C Trumpet Help, maybe its just me.

Discussion in 'Trumpet Discussion' started by Principaltrumpet, Oct 1, 2007.

  1. Principaltrumpet

    Principaltrumpet Pianissimo User

    Nov 7, 2006
    north texas
    I am currently working on a new piece and when I get up around F# and G on top of the staff, the crack horribly. I feel like I am starting the note too high and it causes the chip. But if I start the note lower I miss it all together. This isnt a problem i have had before. I just cant figure out what i am doing. I know it is hard to give advise without seeing or hearing me, but doesnt anyone have any suggestions?
  2. wilcox96

    wilcox96 Mezzo Piano User

    Oct 31, 2005
    charlotte nc
    This may sound silly...but I don't mean it to! First, you state that if you try coming in to the note "high". Then...come in to it "low". The obvious next thought should be...why not come at it in the CENTER! ??? That's where you want to live anyway! In the center of the pitch/note!

    Here's another question.... What is the interval you are coming from just prior to the F# or G? (in other words, what's the note before you get there?). If, for example, you are going from a D in the staff to the F#..then that's a major 3rd. So...perhaps you practice some scales in 3rds, to get the knack of that interval. (as in starting on a D scale...D-F#, E-G, F#-A, etc..on up a D scale). If it's a 4th...do 4ths. etc. Do these until they are comfortable. This includes being comfortable in your "mind" too.

    Are you providing proper support to these tones? If you can sing, sing that same interval. Then, support the same way when you are playing it on the trumpet.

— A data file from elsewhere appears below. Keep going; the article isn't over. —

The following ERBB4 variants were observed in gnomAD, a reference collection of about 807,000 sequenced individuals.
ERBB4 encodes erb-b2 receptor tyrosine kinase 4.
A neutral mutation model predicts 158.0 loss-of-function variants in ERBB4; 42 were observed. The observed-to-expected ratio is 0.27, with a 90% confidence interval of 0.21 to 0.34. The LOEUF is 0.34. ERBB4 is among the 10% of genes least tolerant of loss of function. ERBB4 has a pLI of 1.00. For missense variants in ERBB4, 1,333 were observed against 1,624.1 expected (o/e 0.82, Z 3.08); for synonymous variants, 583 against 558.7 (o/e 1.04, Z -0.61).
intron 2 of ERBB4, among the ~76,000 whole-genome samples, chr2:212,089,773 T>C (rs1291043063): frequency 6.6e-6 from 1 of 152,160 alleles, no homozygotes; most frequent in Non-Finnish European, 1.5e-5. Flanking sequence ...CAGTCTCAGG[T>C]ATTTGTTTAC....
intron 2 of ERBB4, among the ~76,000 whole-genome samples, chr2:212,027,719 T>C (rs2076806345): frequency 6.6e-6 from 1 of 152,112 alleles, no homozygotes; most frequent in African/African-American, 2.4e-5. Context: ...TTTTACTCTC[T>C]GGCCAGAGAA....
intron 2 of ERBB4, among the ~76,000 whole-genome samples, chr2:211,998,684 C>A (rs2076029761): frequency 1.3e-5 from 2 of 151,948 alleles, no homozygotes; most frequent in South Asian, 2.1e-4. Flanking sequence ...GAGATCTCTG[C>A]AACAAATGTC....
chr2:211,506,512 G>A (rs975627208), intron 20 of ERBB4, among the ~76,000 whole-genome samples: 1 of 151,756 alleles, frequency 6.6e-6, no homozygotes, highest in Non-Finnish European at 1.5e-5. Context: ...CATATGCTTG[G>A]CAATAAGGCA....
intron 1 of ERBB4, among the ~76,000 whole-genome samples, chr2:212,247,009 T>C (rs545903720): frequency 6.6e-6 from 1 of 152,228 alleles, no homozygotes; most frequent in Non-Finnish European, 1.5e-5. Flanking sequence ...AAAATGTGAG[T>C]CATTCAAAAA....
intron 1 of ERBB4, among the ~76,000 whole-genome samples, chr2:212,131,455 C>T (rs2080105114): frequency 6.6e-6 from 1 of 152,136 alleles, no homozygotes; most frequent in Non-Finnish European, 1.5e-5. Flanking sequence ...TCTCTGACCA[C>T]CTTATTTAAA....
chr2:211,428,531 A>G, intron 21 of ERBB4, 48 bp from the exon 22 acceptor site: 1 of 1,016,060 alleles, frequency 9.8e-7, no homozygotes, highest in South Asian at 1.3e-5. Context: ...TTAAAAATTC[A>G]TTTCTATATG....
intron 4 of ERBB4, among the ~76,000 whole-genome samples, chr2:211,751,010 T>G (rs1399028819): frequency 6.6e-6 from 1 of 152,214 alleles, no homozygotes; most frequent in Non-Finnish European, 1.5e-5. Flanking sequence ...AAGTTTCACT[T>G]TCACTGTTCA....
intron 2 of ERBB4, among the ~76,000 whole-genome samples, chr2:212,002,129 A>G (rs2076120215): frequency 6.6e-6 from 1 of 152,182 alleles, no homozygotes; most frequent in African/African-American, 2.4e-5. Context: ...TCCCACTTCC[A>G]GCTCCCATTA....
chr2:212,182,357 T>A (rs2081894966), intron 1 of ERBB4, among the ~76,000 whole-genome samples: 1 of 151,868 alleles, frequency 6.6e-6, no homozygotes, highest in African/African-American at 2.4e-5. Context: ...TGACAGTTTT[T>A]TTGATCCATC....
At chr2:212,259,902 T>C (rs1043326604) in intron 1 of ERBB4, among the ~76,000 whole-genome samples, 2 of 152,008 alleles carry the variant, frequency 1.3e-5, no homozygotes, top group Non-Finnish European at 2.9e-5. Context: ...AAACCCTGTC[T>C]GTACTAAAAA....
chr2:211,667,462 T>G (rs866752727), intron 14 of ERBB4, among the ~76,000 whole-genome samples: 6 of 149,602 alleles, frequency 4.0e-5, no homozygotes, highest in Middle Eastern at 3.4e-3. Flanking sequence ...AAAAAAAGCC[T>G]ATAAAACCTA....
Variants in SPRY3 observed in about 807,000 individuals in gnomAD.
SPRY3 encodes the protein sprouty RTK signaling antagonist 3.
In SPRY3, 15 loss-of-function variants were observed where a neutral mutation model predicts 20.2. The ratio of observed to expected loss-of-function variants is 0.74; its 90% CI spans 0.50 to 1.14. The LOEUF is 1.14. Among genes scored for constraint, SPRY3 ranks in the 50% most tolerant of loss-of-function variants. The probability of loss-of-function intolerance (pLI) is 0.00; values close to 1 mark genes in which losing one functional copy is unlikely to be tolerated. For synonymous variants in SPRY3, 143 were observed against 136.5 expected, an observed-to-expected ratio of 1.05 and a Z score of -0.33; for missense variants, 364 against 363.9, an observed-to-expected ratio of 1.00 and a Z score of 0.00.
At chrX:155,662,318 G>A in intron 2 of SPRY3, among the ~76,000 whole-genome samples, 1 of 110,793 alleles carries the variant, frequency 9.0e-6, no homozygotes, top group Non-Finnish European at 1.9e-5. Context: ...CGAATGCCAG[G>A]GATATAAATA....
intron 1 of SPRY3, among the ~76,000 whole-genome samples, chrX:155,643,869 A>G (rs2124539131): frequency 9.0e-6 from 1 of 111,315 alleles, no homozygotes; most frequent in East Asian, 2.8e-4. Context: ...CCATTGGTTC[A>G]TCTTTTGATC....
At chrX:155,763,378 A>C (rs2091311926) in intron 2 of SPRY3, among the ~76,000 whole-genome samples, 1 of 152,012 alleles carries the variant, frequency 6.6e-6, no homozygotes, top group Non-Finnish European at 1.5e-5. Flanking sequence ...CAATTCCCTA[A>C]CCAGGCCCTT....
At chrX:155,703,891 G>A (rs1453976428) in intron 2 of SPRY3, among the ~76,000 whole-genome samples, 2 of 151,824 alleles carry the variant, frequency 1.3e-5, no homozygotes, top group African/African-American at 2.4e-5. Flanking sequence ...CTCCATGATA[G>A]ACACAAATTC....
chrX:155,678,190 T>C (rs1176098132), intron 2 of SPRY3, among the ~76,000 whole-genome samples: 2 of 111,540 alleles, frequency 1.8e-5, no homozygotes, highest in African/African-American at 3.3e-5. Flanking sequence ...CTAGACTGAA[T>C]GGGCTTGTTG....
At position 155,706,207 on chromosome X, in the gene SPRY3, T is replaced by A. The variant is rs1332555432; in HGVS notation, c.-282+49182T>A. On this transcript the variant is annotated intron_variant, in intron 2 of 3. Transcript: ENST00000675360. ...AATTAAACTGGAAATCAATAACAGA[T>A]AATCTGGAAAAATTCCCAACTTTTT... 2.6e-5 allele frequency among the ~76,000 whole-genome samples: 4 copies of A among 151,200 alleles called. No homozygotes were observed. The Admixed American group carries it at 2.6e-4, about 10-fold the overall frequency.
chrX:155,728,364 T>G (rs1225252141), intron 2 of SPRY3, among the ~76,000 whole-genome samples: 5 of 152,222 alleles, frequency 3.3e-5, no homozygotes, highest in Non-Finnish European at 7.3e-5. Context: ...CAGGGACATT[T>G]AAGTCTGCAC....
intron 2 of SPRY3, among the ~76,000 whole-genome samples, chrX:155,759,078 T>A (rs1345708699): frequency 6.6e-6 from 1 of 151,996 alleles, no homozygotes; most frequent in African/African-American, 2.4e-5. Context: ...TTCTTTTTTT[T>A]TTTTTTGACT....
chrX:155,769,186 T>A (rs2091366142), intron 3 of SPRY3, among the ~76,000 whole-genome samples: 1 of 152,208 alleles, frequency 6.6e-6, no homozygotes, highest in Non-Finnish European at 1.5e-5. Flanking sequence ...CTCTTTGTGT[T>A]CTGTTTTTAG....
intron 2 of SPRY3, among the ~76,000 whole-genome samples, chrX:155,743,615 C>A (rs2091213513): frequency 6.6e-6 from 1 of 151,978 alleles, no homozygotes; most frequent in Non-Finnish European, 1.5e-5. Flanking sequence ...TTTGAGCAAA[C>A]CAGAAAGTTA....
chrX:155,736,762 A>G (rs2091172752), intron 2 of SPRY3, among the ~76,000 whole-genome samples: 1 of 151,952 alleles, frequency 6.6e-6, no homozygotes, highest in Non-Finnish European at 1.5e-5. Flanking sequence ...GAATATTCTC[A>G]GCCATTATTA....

Lastly...have you cleaned your horn lately? Maybe there's some gunk in there that is helping cause this phenom. Regardless, practicing to eliminate this blip is the real key. Go for the center of the notes...you can do it! Have fun.....and best of success!
  3. Jon Kratzer

    Jon Kratzer Pianissimo User

    Nov 27, 2003
    Oklahoma City, OK
    It could also be your ear fooling you! A lot of folks use muscle memory when they hear that High F# and G they're hearing G# and A in Bb pitch, relax and remember to just blow and let things happen naturally on the horn.
  4. rowuk

    rowuk Moderator Staff Member

    Jun 18, 2006
    what you describe happens to Bb players when switching to C. Jon adressed one issue, but I find the difference in tone to be a very likely cause.
    If you play a lot of Bb, you get used to that "brazen" sound. When switching to the C, I find the sound much more "liquid" and "clear". Your brain fights with that until it has been reprogrammed. If you consistently practice both, there is not as much "adjustment" necessary.
    One othe possibility is the basic intonation of your horn. Many C trumpets have a very flat Db/D,Eb/E and a pretty sharp F#/G. It takes time to get used to "bending" the notes.
    If your life presently has a lot of "tension" it can be ALL of the above. Your body and face can play tricks on you when you are wound up!
    My suggestion in times of trouble is always the same - get back to the basics: deep breath and exhale long tones - no tongue. Start in the middle register and work up and down. DO NOT CHANGE YOUR ROUTINE, just slow down! Once long tones in all registers come easy, then you can add Clarke and then think about adding the tongue.
  5. Vulgano Brother

    Vulgano Brother Moderator Staff Member

    Mar 23, 2006
    Parts Unknown
    All excellent advice so far, but here's an equipment thing: if you are playing a Bach, a rounded tuning slide and/or amado keys fight fix that problem without any additional practice.

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